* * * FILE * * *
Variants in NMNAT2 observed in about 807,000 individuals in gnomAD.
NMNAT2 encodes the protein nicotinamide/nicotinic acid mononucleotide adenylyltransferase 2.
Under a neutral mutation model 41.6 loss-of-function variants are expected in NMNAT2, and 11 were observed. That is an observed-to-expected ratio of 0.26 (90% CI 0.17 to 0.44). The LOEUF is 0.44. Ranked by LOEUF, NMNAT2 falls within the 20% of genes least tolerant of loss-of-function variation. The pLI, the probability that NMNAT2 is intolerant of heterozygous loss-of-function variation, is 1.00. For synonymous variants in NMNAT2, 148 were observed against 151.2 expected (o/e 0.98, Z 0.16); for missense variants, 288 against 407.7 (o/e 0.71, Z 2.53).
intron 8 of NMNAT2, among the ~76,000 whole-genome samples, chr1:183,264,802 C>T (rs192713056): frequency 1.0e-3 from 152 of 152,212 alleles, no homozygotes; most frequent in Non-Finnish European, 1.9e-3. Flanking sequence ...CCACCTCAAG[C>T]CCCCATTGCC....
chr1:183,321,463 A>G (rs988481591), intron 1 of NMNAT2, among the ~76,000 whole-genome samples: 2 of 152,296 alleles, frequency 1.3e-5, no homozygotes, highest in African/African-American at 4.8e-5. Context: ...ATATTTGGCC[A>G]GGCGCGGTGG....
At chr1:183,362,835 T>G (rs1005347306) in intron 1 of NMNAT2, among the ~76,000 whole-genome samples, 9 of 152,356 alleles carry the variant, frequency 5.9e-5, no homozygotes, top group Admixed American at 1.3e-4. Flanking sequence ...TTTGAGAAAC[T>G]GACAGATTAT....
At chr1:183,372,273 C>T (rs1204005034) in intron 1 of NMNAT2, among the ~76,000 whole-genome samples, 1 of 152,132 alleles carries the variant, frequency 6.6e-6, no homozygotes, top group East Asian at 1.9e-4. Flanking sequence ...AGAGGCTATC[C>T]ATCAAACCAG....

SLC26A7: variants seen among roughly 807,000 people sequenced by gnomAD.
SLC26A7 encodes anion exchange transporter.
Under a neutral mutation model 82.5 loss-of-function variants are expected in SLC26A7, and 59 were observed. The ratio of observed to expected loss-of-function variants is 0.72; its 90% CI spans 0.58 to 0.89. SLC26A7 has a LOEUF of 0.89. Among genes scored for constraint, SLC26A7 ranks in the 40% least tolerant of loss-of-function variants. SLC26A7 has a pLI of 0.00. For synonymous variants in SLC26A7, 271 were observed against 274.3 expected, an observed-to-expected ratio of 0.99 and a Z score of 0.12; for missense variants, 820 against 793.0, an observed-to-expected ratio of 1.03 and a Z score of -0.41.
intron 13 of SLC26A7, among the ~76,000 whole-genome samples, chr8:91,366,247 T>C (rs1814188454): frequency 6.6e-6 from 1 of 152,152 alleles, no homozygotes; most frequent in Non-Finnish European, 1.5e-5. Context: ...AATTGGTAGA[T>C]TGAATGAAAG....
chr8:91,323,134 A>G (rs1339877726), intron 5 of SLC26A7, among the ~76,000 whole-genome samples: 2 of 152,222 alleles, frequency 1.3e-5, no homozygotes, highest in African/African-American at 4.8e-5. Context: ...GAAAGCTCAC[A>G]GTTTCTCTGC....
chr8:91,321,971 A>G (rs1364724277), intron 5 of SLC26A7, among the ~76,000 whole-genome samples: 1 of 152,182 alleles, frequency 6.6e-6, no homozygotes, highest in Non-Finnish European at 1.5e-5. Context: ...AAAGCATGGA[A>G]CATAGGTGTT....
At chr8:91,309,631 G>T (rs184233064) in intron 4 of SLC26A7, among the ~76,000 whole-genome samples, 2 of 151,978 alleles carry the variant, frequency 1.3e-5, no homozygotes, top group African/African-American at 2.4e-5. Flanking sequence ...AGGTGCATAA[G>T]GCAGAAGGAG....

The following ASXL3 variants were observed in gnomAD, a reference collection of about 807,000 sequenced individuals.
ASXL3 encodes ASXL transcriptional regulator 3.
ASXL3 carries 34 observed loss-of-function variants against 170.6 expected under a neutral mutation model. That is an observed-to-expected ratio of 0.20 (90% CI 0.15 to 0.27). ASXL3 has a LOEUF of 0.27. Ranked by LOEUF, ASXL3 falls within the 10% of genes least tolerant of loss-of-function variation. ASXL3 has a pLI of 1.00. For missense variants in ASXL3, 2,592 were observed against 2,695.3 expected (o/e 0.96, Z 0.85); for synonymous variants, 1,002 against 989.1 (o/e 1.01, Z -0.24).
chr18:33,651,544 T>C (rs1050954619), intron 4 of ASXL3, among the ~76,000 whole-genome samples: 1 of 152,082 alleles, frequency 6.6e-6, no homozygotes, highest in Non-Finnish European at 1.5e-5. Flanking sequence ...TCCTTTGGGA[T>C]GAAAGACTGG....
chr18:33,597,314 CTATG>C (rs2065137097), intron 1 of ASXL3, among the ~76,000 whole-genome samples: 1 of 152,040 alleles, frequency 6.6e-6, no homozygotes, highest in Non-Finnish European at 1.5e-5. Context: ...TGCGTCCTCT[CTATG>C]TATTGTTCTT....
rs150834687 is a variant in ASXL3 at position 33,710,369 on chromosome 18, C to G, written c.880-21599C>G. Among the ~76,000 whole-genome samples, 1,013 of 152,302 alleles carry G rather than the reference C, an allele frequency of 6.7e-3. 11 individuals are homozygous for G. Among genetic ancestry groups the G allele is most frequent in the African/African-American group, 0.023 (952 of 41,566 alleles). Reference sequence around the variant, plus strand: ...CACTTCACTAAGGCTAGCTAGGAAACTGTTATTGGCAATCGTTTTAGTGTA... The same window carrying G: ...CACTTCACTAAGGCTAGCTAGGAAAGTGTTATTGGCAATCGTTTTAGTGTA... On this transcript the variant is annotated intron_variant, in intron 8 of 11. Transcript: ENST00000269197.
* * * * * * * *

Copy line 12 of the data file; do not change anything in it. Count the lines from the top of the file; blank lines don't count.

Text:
chr8:91,323,134 A>G (rs1339877726), intron 5 of SLC26A7, among the ~76,000 whole-genome samples: 2 of 152,222 alleles, frequency 1.3e-5, no homozygotes, highest in African/African-American at 4.8e-5. Context: ...GAAAGCTCAC[A>G]GTTTCTCTGC....